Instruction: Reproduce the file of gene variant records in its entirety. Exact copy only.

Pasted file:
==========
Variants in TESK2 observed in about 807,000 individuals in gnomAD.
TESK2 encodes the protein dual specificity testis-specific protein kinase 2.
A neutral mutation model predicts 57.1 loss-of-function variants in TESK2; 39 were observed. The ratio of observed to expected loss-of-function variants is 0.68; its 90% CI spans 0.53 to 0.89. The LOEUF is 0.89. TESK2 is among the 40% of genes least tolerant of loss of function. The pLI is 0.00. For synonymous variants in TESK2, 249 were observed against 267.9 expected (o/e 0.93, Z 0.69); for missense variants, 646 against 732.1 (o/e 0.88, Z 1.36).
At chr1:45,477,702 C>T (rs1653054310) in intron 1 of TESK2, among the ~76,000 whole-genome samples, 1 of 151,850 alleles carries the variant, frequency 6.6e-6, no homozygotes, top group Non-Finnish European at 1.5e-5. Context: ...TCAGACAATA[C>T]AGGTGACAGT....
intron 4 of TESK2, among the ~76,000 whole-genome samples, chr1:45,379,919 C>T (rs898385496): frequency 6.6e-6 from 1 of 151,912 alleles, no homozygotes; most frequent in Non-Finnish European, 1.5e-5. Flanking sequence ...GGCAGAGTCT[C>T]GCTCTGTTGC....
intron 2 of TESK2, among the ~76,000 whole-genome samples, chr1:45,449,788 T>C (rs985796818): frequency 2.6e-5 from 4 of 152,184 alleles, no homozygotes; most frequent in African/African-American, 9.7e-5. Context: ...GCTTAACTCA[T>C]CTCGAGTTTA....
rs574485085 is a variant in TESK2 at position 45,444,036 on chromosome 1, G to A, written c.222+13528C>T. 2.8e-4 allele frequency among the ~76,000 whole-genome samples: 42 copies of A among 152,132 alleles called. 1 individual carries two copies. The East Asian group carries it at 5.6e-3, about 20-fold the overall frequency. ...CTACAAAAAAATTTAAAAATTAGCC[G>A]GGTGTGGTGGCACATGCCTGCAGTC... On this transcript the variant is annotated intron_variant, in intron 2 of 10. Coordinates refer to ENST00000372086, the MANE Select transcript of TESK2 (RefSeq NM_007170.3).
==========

Variants in TESK2 observed in about 807,000 individuals in gnomAD.
TESK2 encodes the protein dual specificity testis-specific protein kinase 2.
A neutral mutation model predicts 57.1 loss-of-function variants in TESK2; 39 were observed. The ratio of observed to expected loss-of-function variants is 0.68; its 90% CI spans 0.53 to 0.89. The LOEUF is 0.89. TESK2 is among the 40% of genes least tolerant of loss of function. The pLI is 0.00. For synonymous variants in TESK2, 249 were observed against 267.9 expected (o/e 0.93, Z 0.69); for missense variants, 646 against 732.1 (o/e 0.88, Z 1.36).
At chr1:45,477,702 C>T (rs1653054310) in intron 1 of TESK2, among the ~76,000 whole-genome samples, 1 of 151,850 alleles carries the variant, frequency 6.6e-6, no homozygotes, top group Non-Finnish European at 1.5e-5. Context: ...TCAGACAATA[C>T]AGGTGACAGT....
intron 4 of TESK2, among the ~76,000 whole-genome samples, chr1:45,379,919 C>T (rs898385496): frequency 6.6e-6 from 1 of 151,912 alleles, no homozygotes; most frequent in Non-Finnish European, 1.5e-5. Flanking sequence ...GGCAGAGTCT[C>T]GCTCTGTTGC....
intron 2 of TESK2, among the ~76,000 whole-genome samples, chr1:45,449,788 T>C (rs985796818): frequency 2.6e-5 from 4 of 152,184 alleles, no homozygotes; most frequent in African/African-American, 9.7e-5. Context: ...GCTTAACTCA[T>C]CTCGAGTTTA....
rs574485085 is a variant in TESK2 at position 45,444,036 on chromosome 1, G to A, written c.222+13528C>T. 2.8e-4 allele frequency among the ~76,000 whole-genome samples: 42 copies of A among 152,132 alleles called. 1 individual carries two copies. The East Asian group carries it at 5.6e-3, about 20-fold the overall frequency. ...CTACAAAAAAATTTAAAAATTAGCC[G>A]GGTGTGGTGGCACATGCCTGCAGTC... On this transcript the variant is annotated intron_variant, in intron 2 of 10. Coordinates refer to ENST00000372086, the MANE Select transcript of TESK2 (RefSeq NM_007170.3).